Miriam Lord: Coalition celebrates fourth anniversary all alone
What should have been a good week for Adams post-ardfheis got off to a bumpy start
Fore! Look out – the announcements will be flying for the rest of the year.
The sun went in when the Taoiseach and the Tánaiste stepped outside Government Buildings to mark the anniversary.
It turned very cold.
Enda and Joan were out in their figures. No top-coat for the Taoiseach and just a little red bolero jacket for the Tánaiste. But they were so pleased with themselves and so determined not to show it they weren’t bothered by the biting wind.
With an election due next year, the handlers have already defined this Fine Gael/Labour administration. On page one of the Coalition’s annual report – launched yesterday – they declare themselves the “Government for National Recovery 2011-2016.”
Having Stared into the Abyss in year one, Pulled Back from the Brink in year two and Met the Challenge of the Upturn in year three, Enda and Joan are now Securing the Recovery.
In the hope of recovering the security they enjoyed when elected with a whopping vote of confidence in 2011.
So they talked themselves up from behind their matching lecterns, announcing that the Government had fixed the public finances and got people working again.
They worked to a “clear plan”, said the Taoiseach.
“This plan is succeeding and the evidence is clear,” said the Tánaiste.
There will be a “Spring Statement” next month, followed by a string of little set-pieces as they build up to their last big-bang budget.
All Fianna Fáil’s fault – a painful legacy of their economic mismanagement of the country, said Enda. “The arsonists who set fire to our homes are now offering advice on how to extinguish the flames.”
While the Taoiseach had a go at the Fianna Fáil leader early in the afternoon, it was Micheál’s turn to get stuck into the Sinn Féin leader later on.
This was on the much darker issue of alleged sexual abuse of young people by members of the IRA and the subsequent treatment of victims by the republican movement.
Martin raised it in advance of a BBC Spotlight programme about Louth man Paudie McGahon, whose allegations mirror those of Belfast rape victim Maíria Cahill, recently honoured by the Labour Party for her bravery in telling her story and refusing to be intimated.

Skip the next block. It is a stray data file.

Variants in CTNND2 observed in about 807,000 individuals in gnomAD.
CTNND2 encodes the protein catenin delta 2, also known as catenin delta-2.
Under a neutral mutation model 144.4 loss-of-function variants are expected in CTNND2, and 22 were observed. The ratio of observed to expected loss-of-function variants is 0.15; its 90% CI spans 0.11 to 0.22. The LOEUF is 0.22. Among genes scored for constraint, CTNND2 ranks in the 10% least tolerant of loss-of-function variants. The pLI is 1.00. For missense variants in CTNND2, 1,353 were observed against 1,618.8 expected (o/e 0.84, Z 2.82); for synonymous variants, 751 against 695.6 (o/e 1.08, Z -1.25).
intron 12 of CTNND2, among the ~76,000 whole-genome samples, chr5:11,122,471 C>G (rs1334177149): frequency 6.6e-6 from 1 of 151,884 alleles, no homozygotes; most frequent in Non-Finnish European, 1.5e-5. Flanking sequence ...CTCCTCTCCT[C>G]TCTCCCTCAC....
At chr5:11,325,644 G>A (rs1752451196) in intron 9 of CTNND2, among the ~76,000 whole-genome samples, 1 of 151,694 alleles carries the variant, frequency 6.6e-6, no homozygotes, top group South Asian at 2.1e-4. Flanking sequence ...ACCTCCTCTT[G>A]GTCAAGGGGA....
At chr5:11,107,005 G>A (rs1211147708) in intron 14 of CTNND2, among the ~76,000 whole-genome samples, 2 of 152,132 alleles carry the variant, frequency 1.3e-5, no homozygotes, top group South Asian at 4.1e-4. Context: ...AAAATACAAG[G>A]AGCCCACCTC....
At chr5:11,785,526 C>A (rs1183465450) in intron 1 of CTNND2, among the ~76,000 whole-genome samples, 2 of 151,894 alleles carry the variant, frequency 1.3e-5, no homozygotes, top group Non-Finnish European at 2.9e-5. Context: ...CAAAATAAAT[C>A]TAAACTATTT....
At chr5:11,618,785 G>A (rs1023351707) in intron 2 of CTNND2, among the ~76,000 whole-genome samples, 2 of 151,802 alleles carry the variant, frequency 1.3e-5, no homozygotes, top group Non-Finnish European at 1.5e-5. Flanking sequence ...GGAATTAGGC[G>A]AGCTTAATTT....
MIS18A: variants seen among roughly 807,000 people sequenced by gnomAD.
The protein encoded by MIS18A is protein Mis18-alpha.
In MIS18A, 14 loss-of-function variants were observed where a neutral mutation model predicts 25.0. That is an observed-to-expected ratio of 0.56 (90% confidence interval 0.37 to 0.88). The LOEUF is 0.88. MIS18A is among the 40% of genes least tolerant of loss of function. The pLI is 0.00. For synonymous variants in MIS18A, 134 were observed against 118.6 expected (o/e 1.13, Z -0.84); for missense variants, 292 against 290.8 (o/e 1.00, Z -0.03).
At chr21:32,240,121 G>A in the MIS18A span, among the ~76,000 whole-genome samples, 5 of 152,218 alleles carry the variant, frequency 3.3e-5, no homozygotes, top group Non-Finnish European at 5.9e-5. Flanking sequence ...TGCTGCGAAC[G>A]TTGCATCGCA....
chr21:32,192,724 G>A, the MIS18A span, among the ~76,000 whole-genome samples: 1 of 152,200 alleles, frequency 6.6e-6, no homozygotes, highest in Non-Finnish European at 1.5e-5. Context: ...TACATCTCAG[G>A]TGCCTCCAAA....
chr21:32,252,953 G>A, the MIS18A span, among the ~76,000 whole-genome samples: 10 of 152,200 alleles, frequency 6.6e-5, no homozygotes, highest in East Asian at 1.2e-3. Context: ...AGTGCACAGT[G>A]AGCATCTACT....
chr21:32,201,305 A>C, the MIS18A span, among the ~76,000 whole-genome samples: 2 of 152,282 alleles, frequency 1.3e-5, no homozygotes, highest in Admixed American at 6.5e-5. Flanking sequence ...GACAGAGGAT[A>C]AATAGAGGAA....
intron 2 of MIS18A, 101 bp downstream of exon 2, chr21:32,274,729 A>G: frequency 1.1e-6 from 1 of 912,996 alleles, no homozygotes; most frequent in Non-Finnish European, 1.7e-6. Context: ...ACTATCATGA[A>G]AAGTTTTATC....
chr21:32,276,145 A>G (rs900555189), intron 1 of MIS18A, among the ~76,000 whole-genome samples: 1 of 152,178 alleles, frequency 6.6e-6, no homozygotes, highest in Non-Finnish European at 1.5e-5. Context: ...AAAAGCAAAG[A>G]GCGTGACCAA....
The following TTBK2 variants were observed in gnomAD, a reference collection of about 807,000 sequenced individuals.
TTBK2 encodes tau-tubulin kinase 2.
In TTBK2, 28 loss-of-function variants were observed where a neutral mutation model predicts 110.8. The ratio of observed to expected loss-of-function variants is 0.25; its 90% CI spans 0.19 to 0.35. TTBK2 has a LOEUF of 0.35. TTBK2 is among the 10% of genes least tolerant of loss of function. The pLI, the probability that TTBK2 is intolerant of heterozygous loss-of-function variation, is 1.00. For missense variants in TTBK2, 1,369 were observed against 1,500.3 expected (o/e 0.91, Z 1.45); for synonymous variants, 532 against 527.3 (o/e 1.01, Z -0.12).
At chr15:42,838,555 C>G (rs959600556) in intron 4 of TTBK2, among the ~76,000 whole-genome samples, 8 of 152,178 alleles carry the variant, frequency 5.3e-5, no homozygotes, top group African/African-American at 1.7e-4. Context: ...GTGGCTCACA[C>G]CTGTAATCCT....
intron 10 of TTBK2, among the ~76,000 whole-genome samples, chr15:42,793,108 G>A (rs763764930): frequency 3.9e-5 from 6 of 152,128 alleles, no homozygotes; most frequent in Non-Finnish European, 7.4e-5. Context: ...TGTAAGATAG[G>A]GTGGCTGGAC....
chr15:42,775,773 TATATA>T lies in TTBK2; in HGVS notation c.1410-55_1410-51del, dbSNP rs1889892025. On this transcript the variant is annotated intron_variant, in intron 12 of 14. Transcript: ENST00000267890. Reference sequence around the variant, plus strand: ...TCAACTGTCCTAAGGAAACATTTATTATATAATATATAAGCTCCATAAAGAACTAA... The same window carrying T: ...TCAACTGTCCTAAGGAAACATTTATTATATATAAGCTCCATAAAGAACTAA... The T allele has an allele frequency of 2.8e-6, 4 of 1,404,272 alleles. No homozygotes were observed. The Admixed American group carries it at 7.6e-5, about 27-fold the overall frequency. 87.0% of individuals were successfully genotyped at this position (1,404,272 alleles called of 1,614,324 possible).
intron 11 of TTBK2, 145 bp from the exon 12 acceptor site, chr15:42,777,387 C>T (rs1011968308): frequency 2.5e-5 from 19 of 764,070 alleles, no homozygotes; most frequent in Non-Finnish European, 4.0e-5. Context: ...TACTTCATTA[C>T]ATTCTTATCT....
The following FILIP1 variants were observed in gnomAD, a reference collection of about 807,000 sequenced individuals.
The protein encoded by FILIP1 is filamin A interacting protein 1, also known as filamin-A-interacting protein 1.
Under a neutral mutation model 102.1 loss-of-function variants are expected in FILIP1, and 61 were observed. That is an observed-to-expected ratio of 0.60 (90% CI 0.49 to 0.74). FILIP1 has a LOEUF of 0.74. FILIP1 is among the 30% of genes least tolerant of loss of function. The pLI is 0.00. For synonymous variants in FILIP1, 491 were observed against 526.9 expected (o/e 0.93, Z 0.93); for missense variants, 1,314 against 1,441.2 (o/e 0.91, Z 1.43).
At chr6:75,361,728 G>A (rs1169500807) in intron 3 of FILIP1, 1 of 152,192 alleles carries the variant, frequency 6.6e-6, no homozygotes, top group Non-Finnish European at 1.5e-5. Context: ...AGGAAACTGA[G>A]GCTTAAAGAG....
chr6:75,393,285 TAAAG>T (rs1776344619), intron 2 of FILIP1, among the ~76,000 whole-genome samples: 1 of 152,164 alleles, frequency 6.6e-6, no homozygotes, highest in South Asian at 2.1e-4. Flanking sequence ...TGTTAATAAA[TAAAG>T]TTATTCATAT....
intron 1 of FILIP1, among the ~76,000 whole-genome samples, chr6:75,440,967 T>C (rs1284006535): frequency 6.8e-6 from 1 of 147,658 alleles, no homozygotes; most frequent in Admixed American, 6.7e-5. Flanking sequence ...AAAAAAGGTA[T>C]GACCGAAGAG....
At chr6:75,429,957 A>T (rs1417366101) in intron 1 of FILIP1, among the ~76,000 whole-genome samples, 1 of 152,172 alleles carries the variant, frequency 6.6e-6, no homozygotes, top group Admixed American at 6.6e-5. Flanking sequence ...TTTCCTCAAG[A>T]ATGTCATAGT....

Gerry Adams was most sympathetic. He wondered why the Government wouldn’t go with Martin McGuinness’s suggestion of an all-island “process” for victims of sexual abuse during the “conflict”. Although what happened to Maíria Cahill and Paudie McGahon happened well after the ceasefire.
“You can’t have an amnesty on sexual abuse,” remarked the Taoiseach.
Gerry Adams fully agreed.
“Then why did you give them an amnesty for so long?” asked Martin.
It’s not been the best of starts to a Dáil week for Adams. He should have been floating around Leinster House wreathed in the love and loyalty of his party acolytes following their ardfheis in Derry at the weekend.
The event, by all accounts, was a great success: very slick and professionally executed with an upbeat membership radiating confidence for the future.
But yesterday, he devoted his time at Leaders’ Questions attempting to explain his party’s baffling decision to reject the Welfare Reform measures in the Stormont House Agreement, signed before Christmas by Sinn Féin and the rest of the parties in the Northern Ireland Assembly.
It came out of the blue.
And if it hadn’t been for a fortunate “discovery” by Martin McGuinness last week, it seems Sinn Féin would have voted for this agreement even though it didn’t contain what they thought it did.
They thought it guaranteed existing welfare levels for current and future recipients. But representatives of the other parties are on record as saying that this level of guarantee wasn’t possible.
So, either Sinn Féin was sold a pup before Christmas and only noticed in the nick of time or they didn’t understand what they signed off on in the first place.
Strange turnRichard Boyd Barrett
Adams shot him a filthy look. Boyd-Barrett looked very pleased.
Both the Taoiseach and Tánaiste had similar thoughts when they celebrated their fourth birthday.
“I suspect one of the issues is the fact that welfare supports in the Republic of Ireland are far stronger than welfare supports in the North of Ireland . . . and they’re quite worried that any further reductions in welfare provision in the North would make the comparison in the South even less attractive,” mused Enda.
It’s going to be a bumpy ride ahead for Sinn Féin.